Anne Hutchinson and her husband arrived in Massachusetts in September of 1634, settling down quickly. The fiery spirit that marked her stand against the Puritan leaders in the colony had not yet erupted, but rather continued to simmer, as she and her husband established themselves in a two-story house in what would become present-day downtown Boston.
Having been trained as a midwife in England, Hutchinson continued the practice in the America, becoming a respected figure in the community amongst the colony’s women. While still constrained by the pressures and rules of the day, she was able to establish a base of followers whom she and Minister John Cotton preached the “Covenant of Grace,” which would spark what is the called the Antinomian Controversy, the first schism within Puritan New England, one which threatened to undermine the power of both the church and government in the infant society.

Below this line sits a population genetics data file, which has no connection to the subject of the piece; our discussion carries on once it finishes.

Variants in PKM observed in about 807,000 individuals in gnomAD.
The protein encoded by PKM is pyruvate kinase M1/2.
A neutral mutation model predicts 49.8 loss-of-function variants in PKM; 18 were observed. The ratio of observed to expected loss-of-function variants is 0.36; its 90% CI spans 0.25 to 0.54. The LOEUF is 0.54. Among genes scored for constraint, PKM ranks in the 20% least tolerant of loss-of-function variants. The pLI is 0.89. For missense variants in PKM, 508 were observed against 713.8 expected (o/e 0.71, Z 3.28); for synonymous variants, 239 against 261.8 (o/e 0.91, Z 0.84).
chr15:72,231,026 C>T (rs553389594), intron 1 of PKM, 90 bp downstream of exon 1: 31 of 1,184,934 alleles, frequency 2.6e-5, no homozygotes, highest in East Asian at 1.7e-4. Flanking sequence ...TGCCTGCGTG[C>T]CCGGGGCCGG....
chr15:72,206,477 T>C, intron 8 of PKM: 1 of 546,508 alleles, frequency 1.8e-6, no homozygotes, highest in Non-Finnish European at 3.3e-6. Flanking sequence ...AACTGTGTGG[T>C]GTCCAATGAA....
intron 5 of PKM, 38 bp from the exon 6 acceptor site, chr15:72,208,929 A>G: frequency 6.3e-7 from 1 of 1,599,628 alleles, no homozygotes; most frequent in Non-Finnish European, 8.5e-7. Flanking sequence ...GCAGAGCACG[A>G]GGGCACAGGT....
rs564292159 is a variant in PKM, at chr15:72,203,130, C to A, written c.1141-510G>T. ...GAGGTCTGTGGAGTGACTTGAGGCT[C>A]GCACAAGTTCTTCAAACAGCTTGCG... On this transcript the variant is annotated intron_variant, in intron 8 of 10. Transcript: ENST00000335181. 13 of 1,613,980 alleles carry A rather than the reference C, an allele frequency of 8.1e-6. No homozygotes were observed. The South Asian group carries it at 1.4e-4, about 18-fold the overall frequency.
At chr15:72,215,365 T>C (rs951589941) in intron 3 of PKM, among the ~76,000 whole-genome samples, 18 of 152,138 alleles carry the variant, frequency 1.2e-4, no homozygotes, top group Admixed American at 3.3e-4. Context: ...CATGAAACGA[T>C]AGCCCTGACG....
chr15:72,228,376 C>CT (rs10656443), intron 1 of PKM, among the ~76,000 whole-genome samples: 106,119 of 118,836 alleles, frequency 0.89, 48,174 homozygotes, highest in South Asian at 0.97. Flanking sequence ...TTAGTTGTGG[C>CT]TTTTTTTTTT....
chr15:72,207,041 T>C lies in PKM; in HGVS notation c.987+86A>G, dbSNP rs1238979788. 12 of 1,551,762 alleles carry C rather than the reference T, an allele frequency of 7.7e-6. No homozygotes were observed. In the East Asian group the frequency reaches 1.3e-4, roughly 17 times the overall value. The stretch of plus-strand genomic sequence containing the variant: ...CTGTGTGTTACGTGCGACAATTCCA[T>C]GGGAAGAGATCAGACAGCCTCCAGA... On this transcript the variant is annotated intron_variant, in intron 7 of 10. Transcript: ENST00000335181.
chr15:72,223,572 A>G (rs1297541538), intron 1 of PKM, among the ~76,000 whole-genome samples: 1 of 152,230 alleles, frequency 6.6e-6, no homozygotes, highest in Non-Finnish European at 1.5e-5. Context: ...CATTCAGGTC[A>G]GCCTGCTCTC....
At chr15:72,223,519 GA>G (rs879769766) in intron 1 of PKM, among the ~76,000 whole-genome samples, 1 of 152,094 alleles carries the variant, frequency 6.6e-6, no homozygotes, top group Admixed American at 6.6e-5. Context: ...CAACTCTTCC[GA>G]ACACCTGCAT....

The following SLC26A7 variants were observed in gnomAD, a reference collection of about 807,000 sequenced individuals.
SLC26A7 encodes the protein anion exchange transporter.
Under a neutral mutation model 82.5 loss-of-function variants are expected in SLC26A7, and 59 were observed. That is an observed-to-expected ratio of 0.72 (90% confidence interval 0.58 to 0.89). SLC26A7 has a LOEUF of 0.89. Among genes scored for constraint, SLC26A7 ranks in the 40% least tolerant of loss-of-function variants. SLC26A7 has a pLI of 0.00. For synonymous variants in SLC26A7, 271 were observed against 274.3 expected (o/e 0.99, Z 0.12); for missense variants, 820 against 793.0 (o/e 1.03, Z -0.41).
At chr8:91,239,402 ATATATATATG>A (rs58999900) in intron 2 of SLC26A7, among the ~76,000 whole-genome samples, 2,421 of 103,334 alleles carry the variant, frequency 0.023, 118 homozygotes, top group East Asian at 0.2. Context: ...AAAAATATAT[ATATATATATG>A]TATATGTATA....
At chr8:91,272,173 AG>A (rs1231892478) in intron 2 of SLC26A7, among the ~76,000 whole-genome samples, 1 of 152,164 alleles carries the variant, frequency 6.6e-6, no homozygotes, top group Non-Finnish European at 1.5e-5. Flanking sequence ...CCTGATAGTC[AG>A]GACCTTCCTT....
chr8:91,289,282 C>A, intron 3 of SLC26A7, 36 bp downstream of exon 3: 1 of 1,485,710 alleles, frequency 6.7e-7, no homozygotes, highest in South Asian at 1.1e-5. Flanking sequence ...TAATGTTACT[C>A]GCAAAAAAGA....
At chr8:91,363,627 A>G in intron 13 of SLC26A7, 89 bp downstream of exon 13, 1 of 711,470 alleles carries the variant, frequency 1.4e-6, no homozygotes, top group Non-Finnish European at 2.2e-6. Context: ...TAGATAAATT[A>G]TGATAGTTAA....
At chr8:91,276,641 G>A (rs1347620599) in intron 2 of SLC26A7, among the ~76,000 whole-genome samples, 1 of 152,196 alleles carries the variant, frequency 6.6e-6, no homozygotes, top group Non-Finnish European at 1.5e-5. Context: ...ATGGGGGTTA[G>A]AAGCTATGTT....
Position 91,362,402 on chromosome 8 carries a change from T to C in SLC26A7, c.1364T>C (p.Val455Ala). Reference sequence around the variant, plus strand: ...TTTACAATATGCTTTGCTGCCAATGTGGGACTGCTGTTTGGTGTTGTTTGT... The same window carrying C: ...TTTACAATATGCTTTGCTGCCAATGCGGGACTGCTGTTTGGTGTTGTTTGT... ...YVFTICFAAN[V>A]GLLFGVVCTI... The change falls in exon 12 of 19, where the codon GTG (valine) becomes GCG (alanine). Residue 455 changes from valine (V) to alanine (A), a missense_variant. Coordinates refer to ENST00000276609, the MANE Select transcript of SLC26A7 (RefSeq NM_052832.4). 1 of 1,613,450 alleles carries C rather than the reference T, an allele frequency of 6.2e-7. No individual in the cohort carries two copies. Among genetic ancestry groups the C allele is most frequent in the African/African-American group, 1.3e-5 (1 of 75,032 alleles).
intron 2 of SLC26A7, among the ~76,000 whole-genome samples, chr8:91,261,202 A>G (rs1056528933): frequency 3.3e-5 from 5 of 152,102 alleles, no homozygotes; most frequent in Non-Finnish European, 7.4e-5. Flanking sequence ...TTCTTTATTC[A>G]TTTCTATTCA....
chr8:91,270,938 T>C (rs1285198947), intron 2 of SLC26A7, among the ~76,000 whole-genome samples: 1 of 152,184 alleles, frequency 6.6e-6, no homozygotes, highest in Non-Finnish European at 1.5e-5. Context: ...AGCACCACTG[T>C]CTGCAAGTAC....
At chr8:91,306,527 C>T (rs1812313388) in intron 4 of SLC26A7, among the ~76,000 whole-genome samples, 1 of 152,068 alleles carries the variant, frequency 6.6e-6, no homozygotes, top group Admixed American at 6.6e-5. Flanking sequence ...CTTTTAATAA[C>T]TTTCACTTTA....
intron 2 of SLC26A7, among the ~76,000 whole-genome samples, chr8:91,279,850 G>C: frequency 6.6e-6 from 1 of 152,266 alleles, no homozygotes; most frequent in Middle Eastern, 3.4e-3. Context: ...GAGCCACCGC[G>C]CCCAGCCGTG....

An easy target, due to a disregard of social mores and overall womanhood, Hutchinson found herself at the center of a legal quandary. She had preached publicly, wholly unacceptable for a Puritan woman, and had questioned the doctrine taught by the church, claiming that the “Covenant of Works” espoused by Massachusetts’ ministers led followers to believe they could simply do good and get into Heaven, apart from finding personal salvation.
Within two years of moving to Boston, Hutchinson faced an uphill battle against the the colony’s magistrates. Any man would have been intimidated, but Hutchinson went head-to-head with the most powerful men in the hemisphere.